Baby boomers, cashed-up professionals and retirees all jostle for the choicest cuts of land touted as the "next big thing" by real estate mogul John McGrath.
The retirement highway linking Melbourne and New South Wales to the south eastern parts of Queensland can expect a few more potholes over the next decade after being tipped as the "next big thing" by real estate heavyweight John McGrath.
Mr McGrath is tipping areas of south east Queensland to become the next hotspot for Aussies looking to purchase a home once memories of the global financial crisis are well and truly laid to rest.
The 2014 McGrath report, released this week, found baby boomers have cut short their retirement to make up for any financial losses taken during the GFC and they are now looking to south east Queensland to shore up retirement property.
"Confidence is growing and the herd mentality is kicking in," Mr McGrath said, adding a wide range of buyers are now active on the Gold Cost, mainly those who sat on the sideline watching the post-GFC action.
“The real mover in Australian real estate for the next three to five years will undoubtedly be south east Queensland, where I believe we can expect double the growth of Sydney values.
“There is a well-worn path from Sydney and Melbourne to south east Queensland but interstate migration is near record lows, mainly due to baby boomers remaining at work post-GFC and hence delaying their move north for their retirement in the sun.”
Mr McGrath said he is already seeing young families from the southern states sell up for big prices and move to south east Queensland for the lifestyle, and end up taking jobs on par with "southern incomes".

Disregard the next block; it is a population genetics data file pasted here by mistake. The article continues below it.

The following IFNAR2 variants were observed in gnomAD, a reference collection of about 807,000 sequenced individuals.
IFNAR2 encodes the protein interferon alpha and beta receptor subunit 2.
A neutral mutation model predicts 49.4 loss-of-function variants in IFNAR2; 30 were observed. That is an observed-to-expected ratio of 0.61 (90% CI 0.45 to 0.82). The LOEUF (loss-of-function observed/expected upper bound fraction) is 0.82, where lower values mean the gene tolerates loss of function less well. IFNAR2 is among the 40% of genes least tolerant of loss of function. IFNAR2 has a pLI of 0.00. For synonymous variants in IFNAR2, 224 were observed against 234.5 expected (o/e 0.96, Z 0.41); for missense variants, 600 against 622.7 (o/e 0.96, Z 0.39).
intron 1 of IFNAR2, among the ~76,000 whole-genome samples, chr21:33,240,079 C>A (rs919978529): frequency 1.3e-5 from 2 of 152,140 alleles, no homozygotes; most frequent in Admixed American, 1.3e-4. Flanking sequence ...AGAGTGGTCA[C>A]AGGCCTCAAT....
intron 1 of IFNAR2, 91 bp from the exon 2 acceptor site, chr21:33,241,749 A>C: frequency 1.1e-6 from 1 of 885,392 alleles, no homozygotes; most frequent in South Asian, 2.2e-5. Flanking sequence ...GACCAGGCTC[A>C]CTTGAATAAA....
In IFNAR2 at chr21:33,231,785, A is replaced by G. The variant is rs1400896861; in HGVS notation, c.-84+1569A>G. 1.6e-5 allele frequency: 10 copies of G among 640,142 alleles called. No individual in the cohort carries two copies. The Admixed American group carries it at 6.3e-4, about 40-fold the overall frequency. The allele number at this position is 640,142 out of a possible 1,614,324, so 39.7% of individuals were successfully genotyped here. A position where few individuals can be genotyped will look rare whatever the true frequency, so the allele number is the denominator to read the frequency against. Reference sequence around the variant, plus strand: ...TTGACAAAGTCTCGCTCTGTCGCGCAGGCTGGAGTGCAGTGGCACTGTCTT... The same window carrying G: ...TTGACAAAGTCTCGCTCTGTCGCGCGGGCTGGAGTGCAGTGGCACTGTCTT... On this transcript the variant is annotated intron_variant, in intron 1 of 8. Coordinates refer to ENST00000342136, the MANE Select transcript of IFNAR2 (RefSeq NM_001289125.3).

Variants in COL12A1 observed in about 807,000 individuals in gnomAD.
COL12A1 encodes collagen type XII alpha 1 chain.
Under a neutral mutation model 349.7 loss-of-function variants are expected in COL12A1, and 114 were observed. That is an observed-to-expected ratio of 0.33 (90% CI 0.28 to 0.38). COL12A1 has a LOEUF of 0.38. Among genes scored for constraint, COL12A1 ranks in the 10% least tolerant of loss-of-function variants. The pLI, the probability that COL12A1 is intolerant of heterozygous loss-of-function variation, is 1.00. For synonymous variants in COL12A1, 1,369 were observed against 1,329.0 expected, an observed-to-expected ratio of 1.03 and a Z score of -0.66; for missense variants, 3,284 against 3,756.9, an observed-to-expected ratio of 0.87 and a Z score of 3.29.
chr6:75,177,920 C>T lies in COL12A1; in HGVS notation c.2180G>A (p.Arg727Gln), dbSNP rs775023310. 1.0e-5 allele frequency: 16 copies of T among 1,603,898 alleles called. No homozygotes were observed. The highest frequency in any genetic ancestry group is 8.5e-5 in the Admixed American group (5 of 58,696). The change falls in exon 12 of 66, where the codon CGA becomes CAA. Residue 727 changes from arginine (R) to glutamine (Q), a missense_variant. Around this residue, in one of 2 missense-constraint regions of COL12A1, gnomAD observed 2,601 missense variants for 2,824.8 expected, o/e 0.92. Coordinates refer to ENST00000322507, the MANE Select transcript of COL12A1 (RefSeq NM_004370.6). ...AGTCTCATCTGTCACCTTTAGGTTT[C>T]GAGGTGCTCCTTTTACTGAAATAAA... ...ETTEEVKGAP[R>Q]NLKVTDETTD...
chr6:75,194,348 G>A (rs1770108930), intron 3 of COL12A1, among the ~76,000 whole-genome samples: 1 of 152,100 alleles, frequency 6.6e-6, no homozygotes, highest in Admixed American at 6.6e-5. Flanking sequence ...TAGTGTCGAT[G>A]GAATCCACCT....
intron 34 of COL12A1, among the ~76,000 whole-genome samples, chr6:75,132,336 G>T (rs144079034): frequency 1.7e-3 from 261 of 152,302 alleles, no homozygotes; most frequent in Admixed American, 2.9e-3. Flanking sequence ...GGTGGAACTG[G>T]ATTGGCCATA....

Agents responsible for selling property in and around south east Queensland see two key demographics fighting for property in the area, but they are not competing with each other. Locals want to purchase houses and potential residents from Sydney and Melbourne want apartments.
Many houses are selling the day they list to locals as demand is beginning to outstrip supply, and apartments are sold to cashed-up Melbournites and Sydneysiders for use as an investment and holiday home.
Principal Kylie McGufficke at One Agency Real Estate by Kylie, based in Burleigh Heads, said it is commonplace for professionals who love the coast to fly up and stay in their own holiday home when it's not used as a holiday rental.
Ms McGufficke said in the near future such purchases in this burgeoning market will make life hard for retirees.
“While demand for housing has an overall mix of locals and interstate investors, it is the interstate investors who are looking for holiday apartments. A number of buyers that I have spoken to from Sydney and Melbourne are wanting to invest, and then fly up and holiday,” Ms McGufficke said.
“People years ago were saying they just need to get a house on or near the beach, but nowadays it is all about what they get with the house, since purchasers are more savvy about what they put themselves into.”
Sandra Sherratt from Gold Coast International Reality said she is seeing a transition away from the typical three-bedroom with lock-up garage due to baby boomers choosing to downsize. Ms Sherratt believes infrastructure spend relating to the Gold Coast hosting the 2018 Commonwealth Games is a key factor in the steady incline of demand around the area.
“It is better for everybody if we see a gradual improvement as opposed to a great boom,” Ms Sherratt said.
“I think a lot of local demand could be due in part to the 2018 Commonwealth Games. I’m seeing a lot of cranes in the sky, light rail has just opened and much more development is going on, which does show a lot of confidence. There has also been a lot of urbanisation around Burleigh.”